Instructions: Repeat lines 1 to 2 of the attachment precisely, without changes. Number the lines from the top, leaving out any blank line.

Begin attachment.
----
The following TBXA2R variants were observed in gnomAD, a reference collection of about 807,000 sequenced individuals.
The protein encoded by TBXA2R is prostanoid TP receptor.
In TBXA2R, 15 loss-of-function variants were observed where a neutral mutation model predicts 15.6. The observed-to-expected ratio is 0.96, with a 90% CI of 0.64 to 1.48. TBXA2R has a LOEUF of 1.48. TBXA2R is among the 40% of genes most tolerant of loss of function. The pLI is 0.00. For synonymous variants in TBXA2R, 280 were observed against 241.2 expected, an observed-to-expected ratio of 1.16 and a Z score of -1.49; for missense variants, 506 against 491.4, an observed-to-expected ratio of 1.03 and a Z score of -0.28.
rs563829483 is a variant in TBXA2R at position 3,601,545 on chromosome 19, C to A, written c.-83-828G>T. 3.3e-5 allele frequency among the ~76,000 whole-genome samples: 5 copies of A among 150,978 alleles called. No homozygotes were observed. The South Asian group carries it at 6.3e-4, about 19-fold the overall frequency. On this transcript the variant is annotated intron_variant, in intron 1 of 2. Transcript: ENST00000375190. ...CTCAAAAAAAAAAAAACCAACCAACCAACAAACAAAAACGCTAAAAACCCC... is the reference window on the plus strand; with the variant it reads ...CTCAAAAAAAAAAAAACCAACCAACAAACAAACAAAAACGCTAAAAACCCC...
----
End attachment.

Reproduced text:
The following TBXA2R variants were observed in gnomAD, a reference collection of about 807,000 sequenced individuals.
The protein encoded by TBXA2R is prostanoid TP receptor.